When senior employees fall into the trap of over-relying on technical skills, they often operate at levels below their role and fail to fulfill the function of their new position. This is an industry-wide challenge and one in which we’re investing considerably by training individuals to function optimally in their role, which will further elevate the success of our employees and projects.

Here’s just one example: One of our project executives consistently received feedback from his team that he could hand over more responsibility and rely on them more. They were frustrated that they weren’t being given the opportunity to grow. After a number of conversations and coaching, that individual started delegating and designating more. (To clarify: delegation is handing someone a task; designation is giving them a goal and asking, how can I help you get there?) He started doing both — charging his team with putting together a plan and then helping them to run with it. That approach reflects a higher level of leadership, and the results speak for themselves. The feedback from his team was remarkable: “I’m learning so much more”; “I’m developing and growing faster”; “I’m allowed to carry more of the load and feel fully supported.” What leader wouldn’t want to hear such glowing remarks that reveal how fully their team is thriving?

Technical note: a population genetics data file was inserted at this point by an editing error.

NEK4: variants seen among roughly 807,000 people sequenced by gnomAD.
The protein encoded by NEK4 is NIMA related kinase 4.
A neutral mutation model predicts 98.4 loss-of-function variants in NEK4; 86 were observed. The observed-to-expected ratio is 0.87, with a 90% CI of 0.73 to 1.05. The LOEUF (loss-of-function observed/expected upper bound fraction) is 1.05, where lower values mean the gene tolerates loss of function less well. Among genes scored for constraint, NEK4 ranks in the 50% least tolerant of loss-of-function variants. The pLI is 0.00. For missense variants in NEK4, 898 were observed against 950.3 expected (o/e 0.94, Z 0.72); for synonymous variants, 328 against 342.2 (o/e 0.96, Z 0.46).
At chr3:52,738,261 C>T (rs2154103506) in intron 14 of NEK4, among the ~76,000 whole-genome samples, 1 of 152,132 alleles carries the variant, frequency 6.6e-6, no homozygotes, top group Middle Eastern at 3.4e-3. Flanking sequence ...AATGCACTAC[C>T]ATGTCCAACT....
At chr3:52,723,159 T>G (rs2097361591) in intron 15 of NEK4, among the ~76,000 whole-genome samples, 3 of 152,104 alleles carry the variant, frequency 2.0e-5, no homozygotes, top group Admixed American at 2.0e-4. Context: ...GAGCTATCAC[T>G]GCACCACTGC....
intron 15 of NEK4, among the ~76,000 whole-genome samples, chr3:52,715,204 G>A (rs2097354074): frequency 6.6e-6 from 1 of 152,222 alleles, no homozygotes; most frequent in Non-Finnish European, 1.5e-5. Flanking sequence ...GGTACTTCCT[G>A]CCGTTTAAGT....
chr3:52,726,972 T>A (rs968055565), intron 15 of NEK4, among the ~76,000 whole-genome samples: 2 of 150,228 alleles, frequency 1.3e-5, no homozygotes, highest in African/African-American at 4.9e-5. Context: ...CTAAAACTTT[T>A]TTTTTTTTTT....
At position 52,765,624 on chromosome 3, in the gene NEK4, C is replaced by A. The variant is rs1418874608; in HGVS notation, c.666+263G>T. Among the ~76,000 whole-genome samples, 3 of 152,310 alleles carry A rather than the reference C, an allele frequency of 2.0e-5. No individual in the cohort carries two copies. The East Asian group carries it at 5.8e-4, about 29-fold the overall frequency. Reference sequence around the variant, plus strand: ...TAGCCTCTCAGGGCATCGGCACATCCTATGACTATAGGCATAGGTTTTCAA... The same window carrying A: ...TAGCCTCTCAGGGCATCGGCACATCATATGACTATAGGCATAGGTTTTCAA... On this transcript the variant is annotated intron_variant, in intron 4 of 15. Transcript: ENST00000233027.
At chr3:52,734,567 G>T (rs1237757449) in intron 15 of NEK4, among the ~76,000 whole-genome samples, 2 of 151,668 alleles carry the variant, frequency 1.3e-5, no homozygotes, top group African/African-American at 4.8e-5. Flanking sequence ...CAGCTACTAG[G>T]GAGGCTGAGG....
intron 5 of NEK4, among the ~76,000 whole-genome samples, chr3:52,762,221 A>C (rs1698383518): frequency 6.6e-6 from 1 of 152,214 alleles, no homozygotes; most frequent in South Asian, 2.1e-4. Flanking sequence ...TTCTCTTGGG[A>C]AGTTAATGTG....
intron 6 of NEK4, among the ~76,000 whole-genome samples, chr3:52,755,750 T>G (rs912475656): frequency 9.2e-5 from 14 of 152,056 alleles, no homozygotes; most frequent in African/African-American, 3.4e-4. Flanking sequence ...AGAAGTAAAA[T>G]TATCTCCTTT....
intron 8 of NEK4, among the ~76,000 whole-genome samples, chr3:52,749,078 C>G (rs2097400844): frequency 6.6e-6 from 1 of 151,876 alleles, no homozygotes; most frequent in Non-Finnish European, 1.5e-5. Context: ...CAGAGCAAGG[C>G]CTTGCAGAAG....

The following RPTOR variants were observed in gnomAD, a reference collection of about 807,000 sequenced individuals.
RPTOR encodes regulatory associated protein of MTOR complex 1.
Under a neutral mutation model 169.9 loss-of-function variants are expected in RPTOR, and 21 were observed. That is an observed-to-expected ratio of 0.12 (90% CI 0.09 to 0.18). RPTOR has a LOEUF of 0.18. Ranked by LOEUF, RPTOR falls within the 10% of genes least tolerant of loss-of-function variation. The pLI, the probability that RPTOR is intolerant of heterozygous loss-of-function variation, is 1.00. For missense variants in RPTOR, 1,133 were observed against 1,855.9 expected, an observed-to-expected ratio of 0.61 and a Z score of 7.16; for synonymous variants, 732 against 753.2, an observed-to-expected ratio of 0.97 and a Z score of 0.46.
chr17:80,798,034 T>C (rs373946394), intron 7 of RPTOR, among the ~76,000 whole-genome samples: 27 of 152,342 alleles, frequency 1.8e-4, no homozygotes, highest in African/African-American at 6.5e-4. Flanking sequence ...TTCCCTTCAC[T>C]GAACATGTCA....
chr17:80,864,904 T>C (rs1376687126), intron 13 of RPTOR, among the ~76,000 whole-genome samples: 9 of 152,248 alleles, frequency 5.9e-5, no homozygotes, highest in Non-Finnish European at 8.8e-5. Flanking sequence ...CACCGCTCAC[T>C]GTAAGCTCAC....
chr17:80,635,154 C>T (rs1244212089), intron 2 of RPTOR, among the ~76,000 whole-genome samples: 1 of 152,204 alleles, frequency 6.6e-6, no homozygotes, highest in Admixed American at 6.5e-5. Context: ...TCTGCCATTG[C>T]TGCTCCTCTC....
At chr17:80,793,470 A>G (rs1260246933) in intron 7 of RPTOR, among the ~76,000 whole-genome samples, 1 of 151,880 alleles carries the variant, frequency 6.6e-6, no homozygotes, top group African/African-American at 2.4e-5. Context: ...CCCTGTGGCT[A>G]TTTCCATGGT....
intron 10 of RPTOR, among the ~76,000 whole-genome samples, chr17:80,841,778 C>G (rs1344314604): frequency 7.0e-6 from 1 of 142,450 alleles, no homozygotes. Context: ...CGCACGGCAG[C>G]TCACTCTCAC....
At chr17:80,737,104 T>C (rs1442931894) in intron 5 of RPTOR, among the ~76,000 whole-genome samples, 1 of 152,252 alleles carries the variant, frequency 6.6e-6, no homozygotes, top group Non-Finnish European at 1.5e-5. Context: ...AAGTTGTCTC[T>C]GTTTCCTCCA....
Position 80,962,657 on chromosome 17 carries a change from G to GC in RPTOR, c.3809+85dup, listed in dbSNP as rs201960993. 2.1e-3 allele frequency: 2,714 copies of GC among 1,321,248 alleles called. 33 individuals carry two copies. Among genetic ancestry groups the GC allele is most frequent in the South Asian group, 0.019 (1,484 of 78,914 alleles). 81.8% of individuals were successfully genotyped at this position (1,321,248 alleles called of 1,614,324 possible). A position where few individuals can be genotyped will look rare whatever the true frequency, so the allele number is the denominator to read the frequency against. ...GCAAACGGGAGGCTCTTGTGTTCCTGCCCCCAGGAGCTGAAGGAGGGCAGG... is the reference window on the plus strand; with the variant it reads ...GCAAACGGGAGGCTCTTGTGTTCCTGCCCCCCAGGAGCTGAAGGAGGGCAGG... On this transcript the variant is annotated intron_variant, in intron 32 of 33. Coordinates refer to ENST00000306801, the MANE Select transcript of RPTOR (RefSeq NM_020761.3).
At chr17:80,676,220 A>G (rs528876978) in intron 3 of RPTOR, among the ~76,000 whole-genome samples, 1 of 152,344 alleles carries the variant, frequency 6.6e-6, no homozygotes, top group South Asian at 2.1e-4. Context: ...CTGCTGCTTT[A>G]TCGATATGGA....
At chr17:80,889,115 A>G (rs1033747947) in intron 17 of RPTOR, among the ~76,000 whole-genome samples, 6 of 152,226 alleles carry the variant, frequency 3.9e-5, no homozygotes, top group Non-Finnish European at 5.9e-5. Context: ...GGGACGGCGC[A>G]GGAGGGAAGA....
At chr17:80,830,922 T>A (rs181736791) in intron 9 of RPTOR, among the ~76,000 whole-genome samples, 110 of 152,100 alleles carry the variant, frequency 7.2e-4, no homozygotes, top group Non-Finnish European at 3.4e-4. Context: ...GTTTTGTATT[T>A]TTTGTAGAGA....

As employees transition between positions, it can be particularly difficult to know what to let go of. Without more formal guidance, it’s easy to slip into micro-managing, which frustrates teams and holds them back. This can necessitate some hard but necessary conversations, but those conversations often reveal an important truth: It’s less about the person’s need to maintain control and more about them not knowing their value if they let those things go. Helping an employee understand where their evolving value is situated is a huge part of the “building people” process.


What’s the secret to building people? It’s about helping them understand what their current role is and what their future opportunities might include. This need not be a linear career path. Future opportunities come to empowered people, which requires a high level of autonomy and self-direction. What are you trying to achieve? What technical, leadership, and management skills are required? What resources will help you acquire the information and experiences that will help you excel? Growth is not limited by a company’s formal training; it also includes the full-spectrum experiences you seek and engage in as a person.